Sundial cannon

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A small brass cannon mounted on a marble sundial base, manufactured by Rousseau of Paris

A sundial cannon, sundial gun, noon cannon or meridian cannon,[1] also noonday gun is a device consisting of a sundial incorporating a cannon with a fuse that is lit by an overhanging lens, concentrating the rays of the sun, and causing the cannon to fire at noon, when properly oriented along a north-south axis.[2][3] The cannon sizes ranged from large to small depending on the location of their use. The household variety was used in estates to signal the time for the midday meal.[4] Larger sizes were used in European parks to signal noon.[2][3][4]

The cannons were used by European royalty in the 18th century.[5] Cannons of this type are exhibited at the National Maritime Museum in Greenwich.[5] The Hamilton Watch Company has a sundial cannon manufactured by Rousseau of Paris ca. 1650. The Rousseau cannon is mounted on a marble sundial and is made of brass.[3] The Sultan of Morocco also owns one that was manufactured by Baker & Sons of London.[3]

History[edit]

The earliest sundial cannons were used in Europe in the 1600s. They were also used in European parks during the 18th and early 19th centuries.[1] The cannon-lens combination was mounted on a sundial.[4] Sundial guns were also used in ships to mark noon.[2][3] Miniaturized toy versions of the guns were sold in 1979 as unassembled kits by Dixie Gun Works.[6]

Operation[edit]

A sundial cannon manufactured by Victor Chevalier of Paris ca. 1800. The linear ignition groove is in the same direction as the north-south axis of the sundial

The gun and the linear ignition groove of the fuse were aligned on a north-south axis, parallel to the one of the sundial, while the lens concentrated the sun rays on the fuse when the sun was directly above. Subsequently, the burning fuse ignited the powder placed in the barrel of the cannon. The lens was mounted on an adjustable frame, which enabled its position to be changed depending on the season.[2][3] During winter, in December for example, for the small brass cannon manufactured by Rousseau of Paris, the lens had to be lowered by four inches, compared to its position in June as the position of the sun in the sky is lower in winter than during the summer.[3]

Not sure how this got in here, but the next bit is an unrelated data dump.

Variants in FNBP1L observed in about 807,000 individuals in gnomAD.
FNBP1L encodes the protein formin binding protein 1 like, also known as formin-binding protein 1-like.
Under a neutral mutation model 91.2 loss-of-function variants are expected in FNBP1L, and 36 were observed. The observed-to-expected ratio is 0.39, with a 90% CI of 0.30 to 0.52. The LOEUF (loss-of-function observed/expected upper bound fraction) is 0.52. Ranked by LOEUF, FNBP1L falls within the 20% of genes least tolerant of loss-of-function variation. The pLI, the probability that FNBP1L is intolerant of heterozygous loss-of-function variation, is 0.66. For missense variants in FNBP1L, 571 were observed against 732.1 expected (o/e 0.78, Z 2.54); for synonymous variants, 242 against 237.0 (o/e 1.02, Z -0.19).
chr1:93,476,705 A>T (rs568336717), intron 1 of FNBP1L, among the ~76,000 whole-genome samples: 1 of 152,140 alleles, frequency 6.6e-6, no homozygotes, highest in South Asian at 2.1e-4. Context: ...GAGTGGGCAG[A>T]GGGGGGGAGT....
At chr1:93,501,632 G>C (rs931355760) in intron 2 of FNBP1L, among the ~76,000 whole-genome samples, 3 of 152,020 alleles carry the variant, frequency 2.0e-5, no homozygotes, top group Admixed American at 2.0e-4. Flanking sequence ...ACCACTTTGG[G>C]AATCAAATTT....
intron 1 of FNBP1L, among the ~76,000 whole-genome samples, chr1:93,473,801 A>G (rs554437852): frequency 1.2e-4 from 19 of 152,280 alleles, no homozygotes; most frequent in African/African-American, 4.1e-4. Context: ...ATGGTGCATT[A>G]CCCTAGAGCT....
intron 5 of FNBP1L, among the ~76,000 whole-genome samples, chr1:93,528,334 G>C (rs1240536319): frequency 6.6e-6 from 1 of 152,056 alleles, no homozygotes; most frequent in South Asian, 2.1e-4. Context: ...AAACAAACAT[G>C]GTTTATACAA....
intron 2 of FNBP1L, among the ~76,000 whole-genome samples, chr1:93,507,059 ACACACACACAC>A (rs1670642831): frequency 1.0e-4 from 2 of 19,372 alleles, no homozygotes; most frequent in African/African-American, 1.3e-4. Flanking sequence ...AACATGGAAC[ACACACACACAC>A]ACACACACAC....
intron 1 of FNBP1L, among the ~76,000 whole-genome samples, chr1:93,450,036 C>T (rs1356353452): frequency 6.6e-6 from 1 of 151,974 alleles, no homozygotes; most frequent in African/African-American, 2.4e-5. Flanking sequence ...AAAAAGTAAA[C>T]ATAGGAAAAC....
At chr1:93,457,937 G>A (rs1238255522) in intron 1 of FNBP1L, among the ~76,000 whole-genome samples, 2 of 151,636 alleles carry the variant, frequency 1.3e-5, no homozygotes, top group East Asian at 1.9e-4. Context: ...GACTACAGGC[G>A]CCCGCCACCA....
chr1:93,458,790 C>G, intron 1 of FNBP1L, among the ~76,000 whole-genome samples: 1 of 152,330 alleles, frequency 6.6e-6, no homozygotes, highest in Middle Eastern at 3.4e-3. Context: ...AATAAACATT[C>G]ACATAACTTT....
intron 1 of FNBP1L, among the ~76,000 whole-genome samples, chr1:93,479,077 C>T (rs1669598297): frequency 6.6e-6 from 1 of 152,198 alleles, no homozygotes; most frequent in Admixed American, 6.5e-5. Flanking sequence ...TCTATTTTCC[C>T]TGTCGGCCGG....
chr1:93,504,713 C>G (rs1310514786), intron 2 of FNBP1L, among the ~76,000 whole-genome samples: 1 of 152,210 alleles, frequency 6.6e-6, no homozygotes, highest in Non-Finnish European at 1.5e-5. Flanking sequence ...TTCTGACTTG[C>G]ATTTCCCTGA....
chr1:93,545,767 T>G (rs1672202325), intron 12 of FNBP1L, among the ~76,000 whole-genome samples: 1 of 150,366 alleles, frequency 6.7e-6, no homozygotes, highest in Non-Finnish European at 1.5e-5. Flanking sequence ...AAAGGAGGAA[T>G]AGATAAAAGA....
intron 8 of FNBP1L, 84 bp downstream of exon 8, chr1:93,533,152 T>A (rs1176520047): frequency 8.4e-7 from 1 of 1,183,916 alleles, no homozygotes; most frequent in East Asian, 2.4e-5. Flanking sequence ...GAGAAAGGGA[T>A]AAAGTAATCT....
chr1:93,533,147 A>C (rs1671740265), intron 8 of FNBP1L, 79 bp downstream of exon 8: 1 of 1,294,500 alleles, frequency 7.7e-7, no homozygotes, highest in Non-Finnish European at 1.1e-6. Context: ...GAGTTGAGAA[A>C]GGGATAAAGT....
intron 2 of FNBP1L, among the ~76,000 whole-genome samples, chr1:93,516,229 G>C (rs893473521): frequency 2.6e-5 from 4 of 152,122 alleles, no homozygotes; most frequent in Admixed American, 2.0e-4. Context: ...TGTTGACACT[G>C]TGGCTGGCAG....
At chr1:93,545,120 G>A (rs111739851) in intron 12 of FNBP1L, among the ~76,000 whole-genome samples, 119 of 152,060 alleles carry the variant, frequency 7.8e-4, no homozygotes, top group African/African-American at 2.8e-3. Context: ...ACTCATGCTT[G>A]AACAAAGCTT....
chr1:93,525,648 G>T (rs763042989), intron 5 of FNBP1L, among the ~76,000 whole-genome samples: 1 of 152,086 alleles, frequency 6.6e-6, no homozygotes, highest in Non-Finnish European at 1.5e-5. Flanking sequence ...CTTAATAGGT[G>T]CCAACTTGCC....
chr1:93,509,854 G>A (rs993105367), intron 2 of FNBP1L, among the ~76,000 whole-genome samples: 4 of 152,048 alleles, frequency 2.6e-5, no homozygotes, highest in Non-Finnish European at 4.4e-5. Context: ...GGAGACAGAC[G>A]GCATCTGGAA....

In naval operations, the gun had to be mounted on a rotating base because its orientation had to be in the north-south direction. The directional axis of the gun was determined using the ship's compass. In such operation, the gun was frequently referred to as the "noonday gun" because it fired at noon.[3] This practice became obsolete when the ship chronometer was invented. The use of the sundial cannon was subsequently confined to substandard ships.[3]

Benjamin Franklin[edit]

Benjamin Franklin wrote the following review about the cannons in Poor Richard's Almanack:[2]

How to make a STRIKING SUNDIAL, by which not only a Man's own Family, but all his Neighbours for ten Miles round, may know what o'Clock it is, when the Sun shines, without seeing the dial. [...] Note also, That the chief Expence will be the Powder, for the Cannon once bought, will, with Care, last 100 Years. Note moreover, That there will be a great Saving of Powder in cloudy Days. Kind Reader, Methinks I hear thee say, That is indeed a good Thing to know how the Time passes.

Popular Mechanics[edit]